Crawl (2019) Film Review

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The Sunshine State is known for a lot of things that come to mind: the Disney experience, gorgeous heated weather, booming tourism, the exquisite beaches, delicious oranges, the melting pot of a diverse population, etc. However, co-writer/director Alexandre Aja reminds us of the not-so-great elements that constitute Florida’s makeup as well and puts it to thrilling use in the hearty and hedonistic horror showcase Crawl. Of course, Aja utilizes the hideous wrath of Mother Nature and the region’s known predators (alligators) to highlight the calculating conflict in this devilish disaster-based drama. Creepily engaging and fixating, this relentlessly jittery water-logged B-movie spectacle makes Crawl every bit its wrenching worth in gory gumption.

Indeed, there is nothing like a jolting summertime creature creeper to invade the box office as Crawl certainly fits the bill as a natural disaster flick that registers with twitchy-minded escapism. Aja and fellow screenwriters Michael Rasmussen and Shawn Rasmussen (“The Inhabitants”) muster up a confining and claustrophobic critter caper that effectively works on the exposed nervous system. The hysterical usage of a Category 5 hurricane overwhelming regional Florida where the deadly alligators can easily feast on human appetizers makes for some mighty treacherous optics in the fear factor department. Aja, no stranger to jumpy frightfests with such daring ditties as The Hills Have Eyes remake and the campy but corrosive Piranha 3-D, delves into the psychological anxieties of a father-daughter tandem trying to cope with the chaotic unraveling of their notoriously soaking surroundings.

Crawl certainly does not reinvent the wheel in terms of conveying a ground-breaking creature feature wrapped within an overbearing stormy saga of confusion and despair. Nevertheless, it is a notable genre film that is as playful as it is preposterous. This unflinching account of weather-related woes concerns Kaya Scodelario (“The Maze Runner”) as Haley Keller, a concerned daughter out to search for her missing father Dave (Barry Pepper) at the urging of her equally concerned sister (Morfydd Clark) during a major hurricane threatening to cripple the territory. No one has heard from Dave and the deadly weather conditions make it even more sinister in wondering what has become of him.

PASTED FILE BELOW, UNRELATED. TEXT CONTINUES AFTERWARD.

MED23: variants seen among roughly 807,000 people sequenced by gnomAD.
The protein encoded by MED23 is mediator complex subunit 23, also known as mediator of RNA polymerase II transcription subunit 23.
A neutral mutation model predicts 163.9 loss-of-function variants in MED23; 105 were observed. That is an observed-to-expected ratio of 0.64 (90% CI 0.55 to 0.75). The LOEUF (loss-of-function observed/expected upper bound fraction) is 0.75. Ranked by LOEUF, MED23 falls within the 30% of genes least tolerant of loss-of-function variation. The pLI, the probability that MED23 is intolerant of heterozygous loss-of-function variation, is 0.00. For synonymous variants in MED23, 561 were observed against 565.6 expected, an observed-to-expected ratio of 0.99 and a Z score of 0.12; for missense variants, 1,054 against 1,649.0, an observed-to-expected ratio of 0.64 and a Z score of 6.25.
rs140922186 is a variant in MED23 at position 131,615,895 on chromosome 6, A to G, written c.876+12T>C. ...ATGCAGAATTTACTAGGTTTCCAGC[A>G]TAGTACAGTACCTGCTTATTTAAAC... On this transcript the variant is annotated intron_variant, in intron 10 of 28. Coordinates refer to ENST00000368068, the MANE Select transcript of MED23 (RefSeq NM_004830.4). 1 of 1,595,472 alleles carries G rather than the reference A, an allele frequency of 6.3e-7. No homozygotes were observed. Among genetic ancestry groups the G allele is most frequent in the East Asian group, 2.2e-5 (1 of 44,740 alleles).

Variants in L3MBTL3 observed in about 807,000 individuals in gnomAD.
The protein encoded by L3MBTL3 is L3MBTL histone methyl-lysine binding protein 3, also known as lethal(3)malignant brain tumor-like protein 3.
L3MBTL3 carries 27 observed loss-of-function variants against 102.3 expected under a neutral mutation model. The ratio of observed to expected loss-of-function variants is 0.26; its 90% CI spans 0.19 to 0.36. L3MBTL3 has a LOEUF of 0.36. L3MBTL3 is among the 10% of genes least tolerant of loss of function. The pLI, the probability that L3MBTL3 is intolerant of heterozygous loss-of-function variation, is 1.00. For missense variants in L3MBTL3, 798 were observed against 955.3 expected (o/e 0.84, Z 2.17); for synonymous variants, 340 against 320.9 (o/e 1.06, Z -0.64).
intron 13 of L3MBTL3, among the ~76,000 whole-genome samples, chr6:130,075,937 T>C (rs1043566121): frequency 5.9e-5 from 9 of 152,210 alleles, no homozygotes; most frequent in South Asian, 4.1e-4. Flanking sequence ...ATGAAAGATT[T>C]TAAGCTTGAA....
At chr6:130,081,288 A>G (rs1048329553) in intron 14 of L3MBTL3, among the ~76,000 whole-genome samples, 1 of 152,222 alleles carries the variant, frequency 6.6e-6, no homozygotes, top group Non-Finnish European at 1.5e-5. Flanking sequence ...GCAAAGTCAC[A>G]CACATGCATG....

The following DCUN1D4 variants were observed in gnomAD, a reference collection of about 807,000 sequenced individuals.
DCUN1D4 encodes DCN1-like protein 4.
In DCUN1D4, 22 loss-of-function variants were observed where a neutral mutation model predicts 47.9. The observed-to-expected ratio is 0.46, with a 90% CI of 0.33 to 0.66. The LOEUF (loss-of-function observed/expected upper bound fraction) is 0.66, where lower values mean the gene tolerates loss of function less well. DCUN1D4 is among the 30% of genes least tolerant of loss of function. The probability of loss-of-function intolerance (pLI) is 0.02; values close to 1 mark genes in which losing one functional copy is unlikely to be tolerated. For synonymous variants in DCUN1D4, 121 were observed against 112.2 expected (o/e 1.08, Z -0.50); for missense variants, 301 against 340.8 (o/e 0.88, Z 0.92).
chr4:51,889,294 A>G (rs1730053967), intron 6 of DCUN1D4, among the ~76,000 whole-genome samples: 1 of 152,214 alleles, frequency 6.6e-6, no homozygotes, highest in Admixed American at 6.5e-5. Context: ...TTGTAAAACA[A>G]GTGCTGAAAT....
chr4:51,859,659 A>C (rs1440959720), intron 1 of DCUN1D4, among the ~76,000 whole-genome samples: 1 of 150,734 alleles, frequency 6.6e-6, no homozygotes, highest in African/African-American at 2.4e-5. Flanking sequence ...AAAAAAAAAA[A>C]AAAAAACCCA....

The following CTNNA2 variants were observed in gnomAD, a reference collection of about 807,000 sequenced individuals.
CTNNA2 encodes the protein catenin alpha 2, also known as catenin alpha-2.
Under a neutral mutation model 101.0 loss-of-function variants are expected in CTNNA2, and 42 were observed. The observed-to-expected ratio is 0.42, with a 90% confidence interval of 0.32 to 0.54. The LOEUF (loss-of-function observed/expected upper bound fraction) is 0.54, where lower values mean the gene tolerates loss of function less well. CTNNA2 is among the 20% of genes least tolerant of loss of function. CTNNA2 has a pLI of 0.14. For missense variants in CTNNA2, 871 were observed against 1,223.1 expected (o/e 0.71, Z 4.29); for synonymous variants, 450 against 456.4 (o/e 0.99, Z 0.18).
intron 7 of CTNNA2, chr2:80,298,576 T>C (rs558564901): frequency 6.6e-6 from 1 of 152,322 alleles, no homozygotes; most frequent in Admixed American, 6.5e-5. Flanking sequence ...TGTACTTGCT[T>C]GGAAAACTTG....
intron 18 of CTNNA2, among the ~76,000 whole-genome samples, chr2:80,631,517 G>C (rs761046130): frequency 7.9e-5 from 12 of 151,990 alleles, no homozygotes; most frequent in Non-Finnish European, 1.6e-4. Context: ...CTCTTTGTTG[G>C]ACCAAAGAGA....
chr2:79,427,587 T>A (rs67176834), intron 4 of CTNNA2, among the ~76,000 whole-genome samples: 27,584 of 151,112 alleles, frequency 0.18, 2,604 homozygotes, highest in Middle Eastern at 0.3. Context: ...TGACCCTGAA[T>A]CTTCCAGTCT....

Sadly, college student Haley–an avid swimmer at school–has been estranged from her father for quite some time. Still, this does not prevent her from heading over to Dave’s house to check on him during the heavy raining. Upon arrival, Haley discovers that Dave is both seriously injured and trapped beneath his home. Obviously, this presents a severe problem considering the following factors: a.) the massive flooding in the jeopardized house is enough to drown both Haley and Dave without much effort and b.) the infestation of sizable alligators are crawling about and if the Kellers are not careful in avoiding them perhaps the gross gators may make them into a pair of human boots or convenient tasty snacks in retaliation. The constant uphill battle to survive the jeopardized house filled with roaming ravenous reptiles and drenching rollicking rainfall is an indescribable stressful dilemma that haunts the father-daughter duo at every haunting turn.

To say that Crawl packs a gruesome punch would be an understatement of the immediate moment. Sure, this gaudy gorefest is gloriously absurd but one ends up going with the ferocious flow as the involvement of sudden danger and destruction takes center stage. Aja methodically administers the cold-blooded close calls regarding Haley and Dave as homebound bait for alligator munching. The surreal feeling of witnessing these steely-jawed scaly monsters wade in the tricky waters to torment our unprotected protagonists is eerily received with convincing chills. Some of the folks not so lucky to duck and dodge these hardcore predatory pests are reduced to the mincemeat of loose limbs, chopped body parts, and bloody flesh parts aimlessly floating in the wicked waters. It is both gruesome and oddly fascinating to watch.

Visually arresting, Crawl’s production value is impressively polished. The special effects are eye-popping and the storming scenes are quite believable and colorfully boisterous. The alligators are undeniably frightening and manage to add the element of surprise with each vicious attack that hits or misses. Scodelario’s Haley is a capable horror heroine caught up in this creature-made carnage. The plot is rather basic but it is also riddled with the guilty pleasure perversion of debauchery that is to be applauded in this beastly B-movie freak show.

The bouncy bloodshed in Crawl should inspire those to run rather than walk to a helping of old-fashioned horror-induced hedonism at its celebrated naughtiness.

Film Rating: *** 1/2 (out of 5 stars)

Director: Alexandre Aja

Starring: Kaya Scodelario, Barry Pepper, Annson Boon, Morfydd Clark, Ross Anderson

Run Time: 87 mins.

Country: USA

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